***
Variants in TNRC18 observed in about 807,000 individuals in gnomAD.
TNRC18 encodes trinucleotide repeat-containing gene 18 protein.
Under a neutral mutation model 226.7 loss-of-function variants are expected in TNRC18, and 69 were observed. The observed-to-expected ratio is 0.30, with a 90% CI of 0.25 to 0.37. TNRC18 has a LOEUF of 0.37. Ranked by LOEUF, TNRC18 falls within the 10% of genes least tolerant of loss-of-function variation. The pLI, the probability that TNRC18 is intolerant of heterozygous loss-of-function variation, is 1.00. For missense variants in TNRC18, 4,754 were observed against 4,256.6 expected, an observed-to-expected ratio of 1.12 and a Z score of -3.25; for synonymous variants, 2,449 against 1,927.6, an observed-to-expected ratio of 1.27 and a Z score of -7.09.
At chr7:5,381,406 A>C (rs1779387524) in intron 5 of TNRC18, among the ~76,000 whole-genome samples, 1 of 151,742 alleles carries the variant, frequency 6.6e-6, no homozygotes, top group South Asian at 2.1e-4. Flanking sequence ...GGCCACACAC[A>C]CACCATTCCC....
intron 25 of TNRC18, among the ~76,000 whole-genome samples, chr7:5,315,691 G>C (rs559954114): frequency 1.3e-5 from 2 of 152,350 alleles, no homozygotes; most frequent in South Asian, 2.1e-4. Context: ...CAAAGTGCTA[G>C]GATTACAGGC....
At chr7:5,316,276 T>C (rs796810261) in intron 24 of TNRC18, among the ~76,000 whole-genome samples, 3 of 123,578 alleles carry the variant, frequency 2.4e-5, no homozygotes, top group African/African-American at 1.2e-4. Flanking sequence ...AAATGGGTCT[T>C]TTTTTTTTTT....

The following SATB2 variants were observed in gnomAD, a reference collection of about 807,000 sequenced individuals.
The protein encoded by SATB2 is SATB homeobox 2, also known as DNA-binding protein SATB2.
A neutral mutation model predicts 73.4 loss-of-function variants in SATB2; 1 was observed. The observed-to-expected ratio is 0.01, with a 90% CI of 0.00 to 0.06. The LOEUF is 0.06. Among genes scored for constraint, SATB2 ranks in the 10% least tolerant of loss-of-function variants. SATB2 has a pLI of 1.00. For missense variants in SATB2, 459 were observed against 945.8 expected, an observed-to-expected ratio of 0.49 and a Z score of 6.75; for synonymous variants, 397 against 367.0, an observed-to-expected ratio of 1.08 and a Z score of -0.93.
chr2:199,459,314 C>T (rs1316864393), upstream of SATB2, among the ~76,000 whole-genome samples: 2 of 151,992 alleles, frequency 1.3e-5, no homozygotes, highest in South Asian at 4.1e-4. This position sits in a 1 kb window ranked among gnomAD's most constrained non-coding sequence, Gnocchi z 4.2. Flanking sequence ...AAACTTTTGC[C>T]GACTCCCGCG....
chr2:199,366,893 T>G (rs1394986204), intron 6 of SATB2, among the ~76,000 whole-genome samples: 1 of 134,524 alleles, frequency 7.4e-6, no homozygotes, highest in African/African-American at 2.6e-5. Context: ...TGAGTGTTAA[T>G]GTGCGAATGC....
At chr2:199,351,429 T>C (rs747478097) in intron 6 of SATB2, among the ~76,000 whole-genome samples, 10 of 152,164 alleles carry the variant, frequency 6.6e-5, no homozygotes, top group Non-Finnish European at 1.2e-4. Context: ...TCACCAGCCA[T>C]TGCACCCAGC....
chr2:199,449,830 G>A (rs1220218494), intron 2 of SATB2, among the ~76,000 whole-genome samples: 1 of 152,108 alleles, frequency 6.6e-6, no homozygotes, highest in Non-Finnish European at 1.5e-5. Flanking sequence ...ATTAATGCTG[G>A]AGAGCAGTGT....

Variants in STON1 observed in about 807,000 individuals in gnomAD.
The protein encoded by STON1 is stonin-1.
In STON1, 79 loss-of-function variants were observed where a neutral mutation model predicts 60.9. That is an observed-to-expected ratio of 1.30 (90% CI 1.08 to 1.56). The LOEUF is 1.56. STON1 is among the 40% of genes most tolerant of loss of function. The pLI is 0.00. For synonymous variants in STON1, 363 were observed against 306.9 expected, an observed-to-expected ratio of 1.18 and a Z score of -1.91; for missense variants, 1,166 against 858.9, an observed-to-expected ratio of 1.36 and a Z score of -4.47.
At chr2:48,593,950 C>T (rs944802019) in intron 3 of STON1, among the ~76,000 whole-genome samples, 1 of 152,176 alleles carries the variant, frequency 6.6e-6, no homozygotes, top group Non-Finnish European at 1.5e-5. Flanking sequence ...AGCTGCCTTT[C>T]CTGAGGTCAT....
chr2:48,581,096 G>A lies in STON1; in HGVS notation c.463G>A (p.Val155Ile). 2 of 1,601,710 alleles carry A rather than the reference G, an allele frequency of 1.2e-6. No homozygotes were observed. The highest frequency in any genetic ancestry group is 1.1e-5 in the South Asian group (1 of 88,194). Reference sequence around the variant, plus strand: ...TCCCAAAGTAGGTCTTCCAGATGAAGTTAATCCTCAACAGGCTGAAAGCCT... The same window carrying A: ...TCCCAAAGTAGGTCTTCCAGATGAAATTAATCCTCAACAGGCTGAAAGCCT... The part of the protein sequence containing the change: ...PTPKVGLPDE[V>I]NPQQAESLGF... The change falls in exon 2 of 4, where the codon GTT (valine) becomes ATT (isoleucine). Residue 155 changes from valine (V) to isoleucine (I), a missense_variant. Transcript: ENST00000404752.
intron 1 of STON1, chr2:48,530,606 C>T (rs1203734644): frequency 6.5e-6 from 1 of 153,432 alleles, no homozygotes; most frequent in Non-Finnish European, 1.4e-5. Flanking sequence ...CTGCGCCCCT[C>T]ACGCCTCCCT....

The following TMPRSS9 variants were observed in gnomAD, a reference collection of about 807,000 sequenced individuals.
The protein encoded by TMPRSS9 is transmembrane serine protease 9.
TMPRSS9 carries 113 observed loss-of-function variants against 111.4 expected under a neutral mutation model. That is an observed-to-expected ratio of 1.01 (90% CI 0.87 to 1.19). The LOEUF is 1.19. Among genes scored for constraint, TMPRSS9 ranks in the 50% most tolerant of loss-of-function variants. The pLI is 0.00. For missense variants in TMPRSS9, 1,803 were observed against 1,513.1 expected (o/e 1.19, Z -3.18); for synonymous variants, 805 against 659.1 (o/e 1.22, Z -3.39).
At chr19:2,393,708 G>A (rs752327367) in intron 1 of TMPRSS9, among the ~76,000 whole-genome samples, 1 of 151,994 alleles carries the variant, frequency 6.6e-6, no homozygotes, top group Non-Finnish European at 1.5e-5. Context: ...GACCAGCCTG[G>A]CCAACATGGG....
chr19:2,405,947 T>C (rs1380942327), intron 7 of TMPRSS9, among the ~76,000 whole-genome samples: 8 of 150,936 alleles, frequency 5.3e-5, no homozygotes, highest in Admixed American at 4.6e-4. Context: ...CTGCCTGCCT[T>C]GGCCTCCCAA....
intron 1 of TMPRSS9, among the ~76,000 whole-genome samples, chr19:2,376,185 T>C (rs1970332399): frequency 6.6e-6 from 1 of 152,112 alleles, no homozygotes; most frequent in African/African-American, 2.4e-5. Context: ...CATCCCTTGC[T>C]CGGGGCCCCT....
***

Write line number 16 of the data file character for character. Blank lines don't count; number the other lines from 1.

In STON1, 79 loss-of-function variants were observed where a neutral mutation model predicts 60.9. That is an observed-to-expected ratio of 1.30 (90% CI 1.08 to 1.56). The LOEUF is 1.56. STON1 is among the 40% of genes most tolerant of loss of function. The pLI is 0.00. For synonymous variants in STON1, 363 were observed against 306.9 expected, an observed-to-expected ratio of 1.18 and a Z score of -1.91; for missense variants, 1,166 against 858.9, an observed-to-expected ratio of 1.36 and a Z score of -4.47.